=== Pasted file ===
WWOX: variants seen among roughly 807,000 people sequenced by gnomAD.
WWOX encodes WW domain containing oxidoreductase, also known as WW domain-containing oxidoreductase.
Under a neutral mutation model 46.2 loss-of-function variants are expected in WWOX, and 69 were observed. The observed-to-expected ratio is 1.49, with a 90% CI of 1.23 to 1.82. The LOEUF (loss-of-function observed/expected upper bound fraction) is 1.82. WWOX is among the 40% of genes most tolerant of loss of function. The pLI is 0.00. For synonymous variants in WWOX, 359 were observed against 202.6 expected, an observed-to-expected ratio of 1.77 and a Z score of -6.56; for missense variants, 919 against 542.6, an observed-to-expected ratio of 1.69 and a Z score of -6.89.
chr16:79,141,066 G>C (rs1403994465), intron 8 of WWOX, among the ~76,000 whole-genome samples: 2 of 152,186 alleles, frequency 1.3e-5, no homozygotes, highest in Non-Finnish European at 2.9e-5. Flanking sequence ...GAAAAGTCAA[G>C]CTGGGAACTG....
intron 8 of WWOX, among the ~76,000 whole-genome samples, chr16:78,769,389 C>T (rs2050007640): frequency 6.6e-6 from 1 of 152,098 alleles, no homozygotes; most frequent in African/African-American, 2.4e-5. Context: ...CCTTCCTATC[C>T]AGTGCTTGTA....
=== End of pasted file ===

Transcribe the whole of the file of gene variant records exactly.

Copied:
WWOX: variants seen among roughly 807,000 people sequenced by gnomAD.
WWOX encodes WW domain containing oxidoreductase, also known as WW domain-containing oxidoreductase.
Under a neutral mutation model 46.2 loss-of-function variants are expected in WWOX, and 69 were observed. The observed-to-expected ratio is 1.49, with a 90% CI of 1.23 to 1.82. The LOEUF (loss-of-function observed/expected upper bound fraction) is 1.82. WWOX is among the 40% of genes most tolerant of loss of function. The pLI is 0.00. For synonymous variants in WWOX, 359 were observed against 202.6 expected, an observed-to-expected ratio of 1.77 and a Z score of -6.56; for missense variants, 919 against 542.6, an observed-to-expected ratio of 1.69 and a Z score of -6.89.
chr16:79,141,066 G>C (rs1403994465), intron 8 of WWOX, among the ~76,000 whole-genome samples: 2 of 152,186 alleles, frequency 1.3e-5, no homozygotes, highest in Non-Finnish European at 2.9e-5. Flanking sequence ...GAAAAGTCAA[G>C]CTGGGAACTG....
intron 8 of WWOX, among the ~76,000 whole-genome samples, chr16:78,769,389 C>T (rs2050007640): frequency 6.6e-6 from 1 of 152,098 alleles, no homozygotes; most frequent in African/African-American, 2.4e-5. Context: ...CCTTCCTATC[C>T]AGTGCTTGTA....